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Brew Guides – Recipe Collection

V60 Hand Drip

When brewing a new coffee with the v60 hand drip method, we often start with this basic and very simple brew recipe and adapt it if needed.

extraction time: 2:30-3:00
ground coffee: 15g
water at 93°c: 250g
coffee-water ratio: 1:16.7


  1. Grind 15g of specialty coffee at a medium-coarse grind setting.
  2. Rinse paper filter with hot water.
  3. Pour 50g of water and stir slightly with a spoon.
  4. Pour 200g of water (250g in total) after 30s and swirl.
  5. Total brew time should be around 2:30 to 3:00. Adjust grind if brew is faster/slower.


Adjust this recipe to the coffee used and to your preference. We often brew with a third pour: Instead of pouring the remaining 200g of water at 30 seconds, we pour 100g and then another 100g at around 1:00 to 1:10.

Basic Espresso Recipe

This is where we often start out when brewing a new coffee as an espresso.


extraction time: 25-32s
ground coffee: 19g
double espresso weight: 47.5g
coffee-water ratio: 1:2.5


  1. Grind your coffee at a pretty fine grind setting.
  2. Dose 19g of finely ground specialty coffee into your basket, distribute evenly and tamp.
  3. Time around 30 seconds. Start timer when you push the button on your machine.
  4. Yield two shots with a total weight of 47.5g. Adjust grind if shots are longer/shorter.


Play around with your grind setting, extraction time and dose, as well as your coffee-water ratio. We recommend to start experimenting with the extraction time and grind setting first and when you have found a pretty good combination, make slight adjustments to the dose and/or ratio if needed.

Aeropress

The Aeropress is an unbelievably versatile coffee maker, a toy with almost unlimited possibilities. This is one of our favorite recipes, using the «Inverted Bypass Method».


extraction time: 1:30
ground coffee: 24g (coarser than espresso, finer than V60)
water at 93°c: 100g
water at 85°c: 100g
coffee-water ratio: 1:8.3


  1. Grind 24g of specialty coffee at a grind setting somewhere between V60 and espresso, but closer to V60.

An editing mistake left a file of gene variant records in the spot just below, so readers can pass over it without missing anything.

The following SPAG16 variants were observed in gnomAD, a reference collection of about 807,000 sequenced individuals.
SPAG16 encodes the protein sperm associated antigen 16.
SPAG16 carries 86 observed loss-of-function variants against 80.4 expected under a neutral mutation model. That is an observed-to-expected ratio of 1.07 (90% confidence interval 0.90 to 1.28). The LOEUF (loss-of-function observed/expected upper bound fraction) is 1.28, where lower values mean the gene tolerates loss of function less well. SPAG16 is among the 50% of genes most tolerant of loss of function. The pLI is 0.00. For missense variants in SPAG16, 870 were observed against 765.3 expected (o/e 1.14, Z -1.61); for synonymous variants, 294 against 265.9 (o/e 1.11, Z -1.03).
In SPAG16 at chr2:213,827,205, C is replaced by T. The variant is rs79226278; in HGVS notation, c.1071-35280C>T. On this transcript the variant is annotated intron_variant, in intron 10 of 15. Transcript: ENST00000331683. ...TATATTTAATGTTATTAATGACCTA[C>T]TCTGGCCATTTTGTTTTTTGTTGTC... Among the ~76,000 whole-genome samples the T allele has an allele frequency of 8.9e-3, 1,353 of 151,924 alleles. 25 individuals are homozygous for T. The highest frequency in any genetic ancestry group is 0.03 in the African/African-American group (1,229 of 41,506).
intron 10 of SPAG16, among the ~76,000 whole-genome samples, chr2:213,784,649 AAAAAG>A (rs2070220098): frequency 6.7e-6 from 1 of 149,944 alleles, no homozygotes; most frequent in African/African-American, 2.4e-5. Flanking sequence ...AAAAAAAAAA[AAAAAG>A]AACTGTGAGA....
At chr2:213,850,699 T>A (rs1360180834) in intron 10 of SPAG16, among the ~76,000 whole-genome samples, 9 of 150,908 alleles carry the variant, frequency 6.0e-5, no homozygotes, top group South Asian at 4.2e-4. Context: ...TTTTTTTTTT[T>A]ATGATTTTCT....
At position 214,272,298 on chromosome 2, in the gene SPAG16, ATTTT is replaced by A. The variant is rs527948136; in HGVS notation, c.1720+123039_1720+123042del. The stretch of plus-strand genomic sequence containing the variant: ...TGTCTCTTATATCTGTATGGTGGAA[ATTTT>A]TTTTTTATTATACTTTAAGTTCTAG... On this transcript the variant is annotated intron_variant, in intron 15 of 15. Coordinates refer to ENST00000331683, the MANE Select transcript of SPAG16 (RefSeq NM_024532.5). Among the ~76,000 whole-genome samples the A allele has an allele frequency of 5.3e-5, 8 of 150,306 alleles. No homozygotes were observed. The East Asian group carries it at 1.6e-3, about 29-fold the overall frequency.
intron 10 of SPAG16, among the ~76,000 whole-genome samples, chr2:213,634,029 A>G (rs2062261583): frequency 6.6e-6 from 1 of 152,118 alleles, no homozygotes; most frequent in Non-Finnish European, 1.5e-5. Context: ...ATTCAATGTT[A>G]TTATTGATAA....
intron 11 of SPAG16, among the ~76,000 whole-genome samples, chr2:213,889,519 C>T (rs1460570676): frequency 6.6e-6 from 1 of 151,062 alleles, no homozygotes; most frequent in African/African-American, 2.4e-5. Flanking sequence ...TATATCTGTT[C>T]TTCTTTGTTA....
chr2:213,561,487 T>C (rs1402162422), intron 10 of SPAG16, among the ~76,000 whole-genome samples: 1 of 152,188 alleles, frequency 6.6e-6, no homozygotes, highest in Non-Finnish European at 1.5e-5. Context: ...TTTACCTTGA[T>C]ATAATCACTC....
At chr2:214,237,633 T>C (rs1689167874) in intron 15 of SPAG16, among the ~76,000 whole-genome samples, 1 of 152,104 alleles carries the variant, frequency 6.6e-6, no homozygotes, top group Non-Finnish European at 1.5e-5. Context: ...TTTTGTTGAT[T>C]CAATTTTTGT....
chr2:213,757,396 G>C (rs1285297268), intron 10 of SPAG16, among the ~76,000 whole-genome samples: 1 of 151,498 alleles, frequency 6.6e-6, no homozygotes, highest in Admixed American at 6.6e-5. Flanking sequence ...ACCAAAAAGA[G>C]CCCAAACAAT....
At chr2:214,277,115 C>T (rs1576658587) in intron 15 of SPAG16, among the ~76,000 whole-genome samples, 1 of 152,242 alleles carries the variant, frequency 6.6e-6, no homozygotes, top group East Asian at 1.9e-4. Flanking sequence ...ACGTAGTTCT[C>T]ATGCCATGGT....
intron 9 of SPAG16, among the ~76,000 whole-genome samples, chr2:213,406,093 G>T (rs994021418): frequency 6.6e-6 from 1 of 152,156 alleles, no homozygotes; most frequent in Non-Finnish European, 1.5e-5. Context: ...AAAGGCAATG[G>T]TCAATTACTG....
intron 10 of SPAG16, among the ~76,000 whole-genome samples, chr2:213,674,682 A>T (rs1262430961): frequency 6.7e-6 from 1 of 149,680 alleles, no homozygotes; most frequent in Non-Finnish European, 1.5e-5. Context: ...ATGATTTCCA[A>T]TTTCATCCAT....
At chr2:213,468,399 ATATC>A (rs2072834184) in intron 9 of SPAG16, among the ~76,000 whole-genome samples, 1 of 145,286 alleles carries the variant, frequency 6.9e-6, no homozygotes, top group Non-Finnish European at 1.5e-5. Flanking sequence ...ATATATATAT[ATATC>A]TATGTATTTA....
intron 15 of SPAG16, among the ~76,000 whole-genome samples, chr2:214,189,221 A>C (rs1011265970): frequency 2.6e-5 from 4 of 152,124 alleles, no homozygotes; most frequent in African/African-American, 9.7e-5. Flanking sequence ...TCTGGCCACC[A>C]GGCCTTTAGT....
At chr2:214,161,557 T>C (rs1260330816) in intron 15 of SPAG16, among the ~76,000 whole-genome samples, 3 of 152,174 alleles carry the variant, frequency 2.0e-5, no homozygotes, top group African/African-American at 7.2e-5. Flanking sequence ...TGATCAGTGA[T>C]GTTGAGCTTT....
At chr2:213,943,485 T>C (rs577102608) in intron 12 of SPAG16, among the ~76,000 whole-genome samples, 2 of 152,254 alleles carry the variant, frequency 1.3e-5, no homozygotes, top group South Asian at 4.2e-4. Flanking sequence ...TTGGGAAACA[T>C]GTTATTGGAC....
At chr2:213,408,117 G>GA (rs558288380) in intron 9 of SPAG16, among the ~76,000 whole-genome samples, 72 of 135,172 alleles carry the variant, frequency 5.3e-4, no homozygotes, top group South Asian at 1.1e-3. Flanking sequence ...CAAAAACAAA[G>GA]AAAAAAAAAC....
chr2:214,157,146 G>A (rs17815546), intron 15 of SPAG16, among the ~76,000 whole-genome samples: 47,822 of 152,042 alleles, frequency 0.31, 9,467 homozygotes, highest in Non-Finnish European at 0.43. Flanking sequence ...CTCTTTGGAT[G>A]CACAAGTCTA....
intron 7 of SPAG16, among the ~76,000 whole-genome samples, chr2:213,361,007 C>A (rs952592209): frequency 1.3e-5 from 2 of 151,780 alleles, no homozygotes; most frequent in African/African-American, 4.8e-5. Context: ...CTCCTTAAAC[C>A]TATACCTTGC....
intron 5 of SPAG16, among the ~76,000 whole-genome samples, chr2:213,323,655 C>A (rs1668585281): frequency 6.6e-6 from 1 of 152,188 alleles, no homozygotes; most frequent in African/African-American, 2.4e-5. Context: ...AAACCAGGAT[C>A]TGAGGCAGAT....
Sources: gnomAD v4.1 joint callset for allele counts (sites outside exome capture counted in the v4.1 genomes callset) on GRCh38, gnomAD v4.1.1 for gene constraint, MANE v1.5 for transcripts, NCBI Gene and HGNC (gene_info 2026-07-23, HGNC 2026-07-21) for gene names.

2. Rinse the paper filter and the Aeropress with hot water.
  3. Invert the Aeropress with the plunger about ⅓ in and add your coffee.
  4. Start a timer and pour 100g of water at 93°C and gently stir a couple of times.
  5. After 45s, screw on the filter cap with the paper filter inside, push out the remaining air and flip onto a cup.
  6. Press all the coffee into the cup when the timer hits 60s. Try to finish at 90s.
  7. Dilute with 100g of water at 85°C or with cold water and ice.


As always, we recommend to experiment and try as many different variations of this recipe as you can think of (as well as completely different recipes). There are lots of websites and blogs our there with Aeropress recipes, one of our favorites is AeroPrecipe.

French Press

The French Press is a super simple filter coffee maker. Use our recipe as a basis and adapt it as you go, depending on your coffees and your preferences.


for a medium sized (600 ml) french press

extraction time: 4:00

ground coffee: around 24g (medium-coarse)

water at 93°c: 400g

coffee-water ratio: 1:16.7


  1. Grind about 24g of specialty coffee at a medium to coarse grind setting (just a tad coarser than for V60 filter coffee).
  2. Rinse the french press with hot water.
  3. Add ground coffee to the preheated french press.
  4. Pour 100ml of hot water into the french press, let it sit for 45s then slightly stir.
  5. Pour another 300ml of hot water into the french press and put the top on without pressing.
  6. At 4 minutes total brew time, push the press all the way down.
  7. Pour the coffee into a cup or pitcher to prevent it from sitting on the grounds any longer and thus taste burnt and bitter.

Bialetti

The coffee pot everyone knows, often just called Bialetti (which is a manufacturer of these), moka pot or cafetera. It's found in most households in Switzerland and it stands for an intense, espresso-esque coffee, which we see situated somewhere between filter coffee and espresso.


for a medium sized (3 cup) moka pot

extraction time: 3:00

ground coffee: around 24g (a little bit coarser than espresso)

water at 93°c: 200g

coffee-water ratio: 1:8.3


  1. Finely grind about 24g of specialty coffee.
  2. Pour water at 93°c into the pot. Fill up to just under the sieve, so there is no air between.
  3. Fill the sieve with the ground coffee to the very top without pressing it down.
  4. Screw the top part onto the pot tightly and place on medium heat stove top.